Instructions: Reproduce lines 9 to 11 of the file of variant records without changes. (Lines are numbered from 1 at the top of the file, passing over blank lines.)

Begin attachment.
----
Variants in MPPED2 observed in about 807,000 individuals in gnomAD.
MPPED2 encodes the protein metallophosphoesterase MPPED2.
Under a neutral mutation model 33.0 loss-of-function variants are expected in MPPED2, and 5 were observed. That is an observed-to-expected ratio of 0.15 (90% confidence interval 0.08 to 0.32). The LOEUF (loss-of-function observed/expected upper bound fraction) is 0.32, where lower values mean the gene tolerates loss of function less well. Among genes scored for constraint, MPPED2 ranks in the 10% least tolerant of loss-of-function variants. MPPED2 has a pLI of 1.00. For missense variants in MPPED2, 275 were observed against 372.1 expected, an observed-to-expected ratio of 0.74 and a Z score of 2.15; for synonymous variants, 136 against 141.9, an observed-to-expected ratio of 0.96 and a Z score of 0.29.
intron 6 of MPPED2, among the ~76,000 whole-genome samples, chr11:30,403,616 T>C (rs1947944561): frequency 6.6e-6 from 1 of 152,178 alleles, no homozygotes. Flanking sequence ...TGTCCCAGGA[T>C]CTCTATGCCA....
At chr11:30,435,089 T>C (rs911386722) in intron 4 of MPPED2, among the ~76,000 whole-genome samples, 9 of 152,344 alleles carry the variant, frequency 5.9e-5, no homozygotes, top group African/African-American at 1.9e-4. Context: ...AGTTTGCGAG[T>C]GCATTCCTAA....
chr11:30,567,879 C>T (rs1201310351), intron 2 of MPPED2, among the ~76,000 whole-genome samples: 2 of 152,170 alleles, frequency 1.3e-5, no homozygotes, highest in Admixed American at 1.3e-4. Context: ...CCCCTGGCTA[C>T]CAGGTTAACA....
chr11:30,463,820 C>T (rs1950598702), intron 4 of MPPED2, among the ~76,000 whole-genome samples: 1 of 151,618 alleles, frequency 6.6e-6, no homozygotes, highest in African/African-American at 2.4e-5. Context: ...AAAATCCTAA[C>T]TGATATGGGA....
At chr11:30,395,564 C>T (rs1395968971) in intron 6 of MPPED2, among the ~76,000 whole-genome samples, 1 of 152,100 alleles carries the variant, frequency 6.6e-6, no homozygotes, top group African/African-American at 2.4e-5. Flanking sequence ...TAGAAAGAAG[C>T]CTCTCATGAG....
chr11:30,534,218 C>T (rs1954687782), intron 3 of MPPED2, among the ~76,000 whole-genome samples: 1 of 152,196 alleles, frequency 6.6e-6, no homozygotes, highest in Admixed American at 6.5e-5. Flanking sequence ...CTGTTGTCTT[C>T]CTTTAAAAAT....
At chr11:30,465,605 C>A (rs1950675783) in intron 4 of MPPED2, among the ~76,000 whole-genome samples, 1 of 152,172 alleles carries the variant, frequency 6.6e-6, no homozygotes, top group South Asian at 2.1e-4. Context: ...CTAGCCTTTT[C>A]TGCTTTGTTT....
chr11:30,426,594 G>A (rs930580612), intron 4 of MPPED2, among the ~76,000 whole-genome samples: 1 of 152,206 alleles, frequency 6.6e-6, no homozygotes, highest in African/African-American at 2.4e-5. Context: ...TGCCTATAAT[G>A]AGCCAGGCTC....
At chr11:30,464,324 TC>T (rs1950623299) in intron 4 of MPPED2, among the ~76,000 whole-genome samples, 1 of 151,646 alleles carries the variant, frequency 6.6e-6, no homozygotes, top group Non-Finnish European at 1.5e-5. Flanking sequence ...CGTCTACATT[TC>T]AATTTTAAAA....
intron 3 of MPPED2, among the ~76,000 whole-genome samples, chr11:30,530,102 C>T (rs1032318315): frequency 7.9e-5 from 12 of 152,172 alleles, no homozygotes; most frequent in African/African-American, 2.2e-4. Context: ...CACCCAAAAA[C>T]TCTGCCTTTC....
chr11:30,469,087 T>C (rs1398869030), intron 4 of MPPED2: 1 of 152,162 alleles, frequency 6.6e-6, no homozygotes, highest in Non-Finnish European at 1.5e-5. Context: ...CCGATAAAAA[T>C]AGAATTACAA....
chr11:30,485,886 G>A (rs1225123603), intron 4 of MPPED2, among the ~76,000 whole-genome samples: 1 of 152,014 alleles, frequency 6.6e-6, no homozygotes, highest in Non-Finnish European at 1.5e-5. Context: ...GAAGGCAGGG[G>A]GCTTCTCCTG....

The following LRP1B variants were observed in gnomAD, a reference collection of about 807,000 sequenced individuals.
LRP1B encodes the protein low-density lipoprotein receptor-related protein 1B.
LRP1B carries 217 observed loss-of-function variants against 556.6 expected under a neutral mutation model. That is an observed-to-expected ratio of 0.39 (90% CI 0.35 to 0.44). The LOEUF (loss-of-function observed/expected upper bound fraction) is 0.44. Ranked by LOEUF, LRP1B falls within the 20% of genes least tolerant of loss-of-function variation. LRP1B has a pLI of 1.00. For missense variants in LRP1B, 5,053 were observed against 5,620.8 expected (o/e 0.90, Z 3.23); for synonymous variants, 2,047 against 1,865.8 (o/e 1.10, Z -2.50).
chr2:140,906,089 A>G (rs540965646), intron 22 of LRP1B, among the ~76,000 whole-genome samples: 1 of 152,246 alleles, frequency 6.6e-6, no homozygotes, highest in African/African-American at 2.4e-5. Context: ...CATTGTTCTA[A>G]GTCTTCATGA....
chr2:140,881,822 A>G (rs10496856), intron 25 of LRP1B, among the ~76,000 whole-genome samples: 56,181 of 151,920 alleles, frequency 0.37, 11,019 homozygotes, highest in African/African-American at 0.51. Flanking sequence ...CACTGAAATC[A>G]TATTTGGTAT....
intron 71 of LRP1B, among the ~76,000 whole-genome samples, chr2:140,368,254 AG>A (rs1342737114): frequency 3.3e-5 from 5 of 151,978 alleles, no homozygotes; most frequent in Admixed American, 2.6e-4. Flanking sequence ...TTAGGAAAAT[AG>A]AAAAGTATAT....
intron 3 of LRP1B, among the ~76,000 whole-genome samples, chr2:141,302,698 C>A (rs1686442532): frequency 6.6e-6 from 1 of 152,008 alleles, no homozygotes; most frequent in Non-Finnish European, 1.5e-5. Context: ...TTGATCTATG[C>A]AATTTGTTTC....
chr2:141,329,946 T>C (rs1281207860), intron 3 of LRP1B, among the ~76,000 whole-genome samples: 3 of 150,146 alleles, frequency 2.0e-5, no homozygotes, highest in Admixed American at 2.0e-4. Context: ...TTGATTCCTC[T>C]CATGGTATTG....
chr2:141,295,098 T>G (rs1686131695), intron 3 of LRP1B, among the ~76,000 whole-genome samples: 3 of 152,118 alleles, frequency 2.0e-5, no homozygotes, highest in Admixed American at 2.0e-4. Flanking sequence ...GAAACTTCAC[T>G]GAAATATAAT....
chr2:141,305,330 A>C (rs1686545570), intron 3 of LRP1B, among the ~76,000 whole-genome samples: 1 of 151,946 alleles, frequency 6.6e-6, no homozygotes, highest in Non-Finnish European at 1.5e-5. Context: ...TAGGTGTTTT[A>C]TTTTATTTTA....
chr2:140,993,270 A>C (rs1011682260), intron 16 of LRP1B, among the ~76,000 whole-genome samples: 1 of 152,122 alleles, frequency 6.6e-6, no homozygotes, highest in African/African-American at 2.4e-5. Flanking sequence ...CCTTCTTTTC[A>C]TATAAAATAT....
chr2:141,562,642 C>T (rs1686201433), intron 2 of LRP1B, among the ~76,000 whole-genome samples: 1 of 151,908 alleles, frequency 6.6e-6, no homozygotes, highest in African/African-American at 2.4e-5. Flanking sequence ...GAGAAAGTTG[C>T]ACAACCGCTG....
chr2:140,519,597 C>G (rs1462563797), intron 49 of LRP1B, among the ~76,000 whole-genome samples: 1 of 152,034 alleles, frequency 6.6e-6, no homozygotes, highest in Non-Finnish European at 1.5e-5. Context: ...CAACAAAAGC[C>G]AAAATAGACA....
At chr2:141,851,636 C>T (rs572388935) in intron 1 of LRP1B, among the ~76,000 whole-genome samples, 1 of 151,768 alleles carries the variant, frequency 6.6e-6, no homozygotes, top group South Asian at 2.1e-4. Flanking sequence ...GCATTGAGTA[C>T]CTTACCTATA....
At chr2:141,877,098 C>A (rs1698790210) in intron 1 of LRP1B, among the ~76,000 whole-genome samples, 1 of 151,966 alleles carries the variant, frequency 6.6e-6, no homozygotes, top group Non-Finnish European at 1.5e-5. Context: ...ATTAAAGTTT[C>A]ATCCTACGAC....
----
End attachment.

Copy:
chr11:30,534,218 C>T (rs1954687782), intron 3 of MPPED2, among the ~76,000 whole-genome samples: 1 of 152,196 alleles, frequency 6.6e-6, no homozygotes, highest in Admixed American at 6.5e-5. Flanking sequence ...CTGTTGTCTT[C>T]CTTTAAAAAT....
At chr11:30,465,605 C>A (rs1950675783) in intron 4 of MPPED2, among the ~76,000 whole-genome samples, 1 of 152,172 alleles carries the variant, frequency 6.6e-6, no homozygotes, top group South Asian at 2.1e-4. Context: ...CTAGCCTTTT[C>A]TGCTTTGTTT....
chr11:30,426,594 G>A (rs930580612), intron 4 of MPPED2, among the ~76,000 whole-genome samples: 1 of 152,206 alleles, frequency 6.6e-6, no homozygotes, highest in African/African-American at 2.4e-5. Context: ...TGCCTATAAT[G>A]AGCCAGGCTC....